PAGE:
Website review by Carrie Garges, Common Sense Education | Updated April 2020

Learning Upgrade On-Line Course

Traditional approaches to math and reading can reinforce skills

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English Language Arts, Math

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Pros: Songs and graphics are designed to make the lessons memorable.

Cons: Courses and student interface aren't customizable.

Bottom Line: Best practices make this a solid program for most students, despite some flaws.

Teachers can use Learning Upgrade for whole-class instruction or for individualized lessons. The library of lessons, songs, and activities are useful to help introduce concepts, especially if students are going to use the program to practice. Encouraging older students to take notes and share them with a group would be helpful, as tools like concept review, hearing text read aloud, and access to vocabulary aren't always available during games. 

Because each student follows a learning path, and kids proceed when concepts are mastered, teachers can use it to measure readiness and differentiate instruction. In the Teacher Menu, teachers can track progress. Basic data such as time used in and out of class, scores, and levels can be sorted in the program or exported to a CSV file. 

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Learning Upgrade is a learning program that provides interactive courses in math (K-8, pre-algebra, and algebra), English (K-5), and reading and comprehension, plus reading and math placement courses. Once student accounts are created, courses, each consisting of 60 lessons and covering all Common Core State Standards (CCSS) material, are accessible on the web or by using the Learning Upgrade app. Students travel along a fixed pathway that clearly shows their progress.  All lessons, regardless of level or subject, begin with either a short introduction or song that highlights key concepts and is followed by a game or a set of questions. A high-energy voice reads some directions and offers positive feedback, and will offer explanations when errors are made.

Learning Upgrade is a course-based program that includes reading and math. Students move along a fixed learning path that moves from concept to concept depending on mastery. Songs introduce most concepts, accompanied by some simple animations.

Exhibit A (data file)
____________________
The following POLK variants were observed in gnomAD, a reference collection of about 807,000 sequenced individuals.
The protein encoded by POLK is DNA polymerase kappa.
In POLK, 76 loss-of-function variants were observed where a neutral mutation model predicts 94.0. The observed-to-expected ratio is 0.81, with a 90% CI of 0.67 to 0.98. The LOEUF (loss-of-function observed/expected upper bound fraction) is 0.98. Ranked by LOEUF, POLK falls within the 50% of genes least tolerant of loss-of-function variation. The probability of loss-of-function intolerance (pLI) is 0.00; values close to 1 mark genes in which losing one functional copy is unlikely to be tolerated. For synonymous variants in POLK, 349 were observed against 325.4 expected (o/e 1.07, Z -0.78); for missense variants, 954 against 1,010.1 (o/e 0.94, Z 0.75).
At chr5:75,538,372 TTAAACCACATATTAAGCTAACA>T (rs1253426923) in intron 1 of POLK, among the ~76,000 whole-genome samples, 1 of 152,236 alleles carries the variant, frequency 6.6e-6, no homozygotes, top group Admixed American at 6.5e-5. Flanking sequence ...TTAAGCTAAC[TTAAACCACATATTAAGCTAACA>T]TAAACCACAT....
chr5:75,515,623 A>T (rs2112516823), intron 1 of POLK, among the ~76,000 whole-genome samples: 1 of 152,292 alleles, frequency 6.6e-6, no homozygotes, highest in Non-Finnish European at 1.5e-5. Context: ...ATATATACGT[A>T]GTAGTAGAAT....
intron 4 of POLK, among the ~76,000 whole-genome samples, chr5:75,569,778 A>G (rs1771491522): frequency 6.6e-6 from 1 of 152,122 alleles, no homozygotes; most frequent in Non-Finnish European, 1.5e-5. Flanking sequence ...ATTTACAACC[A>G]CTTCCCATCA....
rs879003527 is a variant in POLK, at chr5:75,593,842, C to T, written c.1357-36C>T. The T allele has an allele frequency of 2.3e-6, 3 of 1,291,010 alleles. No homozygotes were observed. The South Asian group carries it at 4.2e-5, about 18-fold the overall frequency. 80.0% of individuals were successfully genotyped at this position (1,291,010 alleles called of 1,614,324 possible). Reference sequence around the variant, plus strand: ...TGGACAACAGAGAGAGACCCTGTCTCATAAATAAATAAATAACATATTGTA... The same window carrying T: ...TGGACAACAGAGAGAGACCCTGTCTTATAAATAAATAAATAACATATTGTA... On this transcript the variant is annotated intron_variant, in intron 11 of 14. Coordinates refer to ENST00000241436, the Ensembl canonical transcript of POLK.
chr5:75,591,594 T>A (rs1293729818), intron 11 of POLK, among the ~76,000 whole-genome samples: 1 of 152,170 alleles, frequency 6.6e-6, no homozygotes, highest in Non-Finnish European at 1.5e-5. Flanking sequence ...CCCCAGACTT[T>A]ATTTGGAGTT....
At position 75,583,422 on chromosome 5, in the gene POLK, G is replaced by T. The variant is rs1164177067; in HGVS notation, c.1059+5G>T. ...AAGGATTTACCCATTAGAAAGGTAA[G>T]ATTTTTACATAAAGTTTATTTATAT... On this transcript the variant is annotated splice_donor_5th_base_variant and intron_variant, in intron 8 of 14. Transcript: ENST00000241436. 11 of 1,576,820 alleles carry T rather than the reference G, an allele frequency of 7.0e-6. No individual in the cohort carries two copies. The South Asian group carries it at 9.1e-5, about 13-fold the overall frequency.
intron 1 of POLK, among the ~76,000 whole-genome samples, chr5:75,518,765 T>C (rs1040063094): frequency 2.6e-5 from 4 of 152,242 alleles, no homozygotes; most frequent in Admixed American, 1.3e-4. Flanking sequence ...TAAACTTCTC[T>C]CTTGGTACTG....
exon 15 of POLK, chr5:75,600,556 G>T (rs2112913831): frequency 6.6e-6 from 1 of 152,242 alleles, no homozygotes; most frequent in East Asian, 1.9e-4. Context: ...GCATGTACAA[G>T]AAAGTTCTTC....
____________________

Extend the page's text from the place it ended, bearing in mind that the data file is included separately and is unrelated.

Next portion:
Reading courses employ traditional teaching methods, like phonics, sight words, and high-interest passages. The interactive activities mirror what would be seen in the classroom. For example, KWL charts engage students in nonfiction science, history, and geography passages. In some nonfiction passages, students are asked to think about what they're reading, make predictions, and then decide if their predictions are correct. As students progress, they read longer passages to improve stamina.  

Math courses begin with concrete representations for early-concept building. This includes using both pictorial and numerical representations in early lessons as well as activities that allow students to interact with manipulatives.  Concept building gives way to algorithms as middle and high school courses focus more on procedural understanding. Lessons include previously taught information, allowing for review, and occasional performance questions offer a nice challenge and ask students to perform several tasks to solve problems.

Clear directions, interactive activities, and instant feedback make this a solid program for most students. Traditional strategies are used to help redirect and correct errors. For example, in some reading sections, if a student makes an error, students are asked to "read this part along with me." Then the program reads the section of the passage that contains the answer. In terms of math, skills are presented clearly, and sufficient practice is offered to ensure retention.  Each course is concentrated into 60 lessons. To ensure the basics are covered well, higher-level thinking and problem-solving strategies are excluded.  

However, with traditional strategies come traditional pitfalls. Learning Upgrade hasn't solved the challenge of variable prior knowledge when matching pictures to vocabulary words. Some images, like that of a fig, may be difficult for some students to identify. Nor does it solve the problem of students answering questions without reading passages first.  Within seconds of entering a passage, students can click "next" and attempt to guess their way through the questions. Also, the promise to address the needs of students with disabilities is oversold. Lessons for students with ADHD are no different in content or method of delivery than those lessons for students who have autism, or who have no learning differences, or who have a language other than English as their first language. The songs and animations that introduce lessons are sometimes a bit clunky, and the animations feel a bit outdated. Overall, though, Learning Upgrade has a lot of solid content to offer and more feedback than some comparable programs.

Overall Rating


Songs and voices accompany the somewhat dated graphics; not all kids will love the songs. Interactive questions are engaging, and feedback is instant.


Tested, traditional strategies are used to present curriculum. However, tasks are limited to recall, understanding, and application and don't encourage higher-level thinking.


Best practices are employed to present material, but customization is missing.  An option for alternate language, access to review material during practice, or read-aloud for final challenges could create a more accessible curriculum.

Common Sense reviewer
Carrie Garges Classroom teacher

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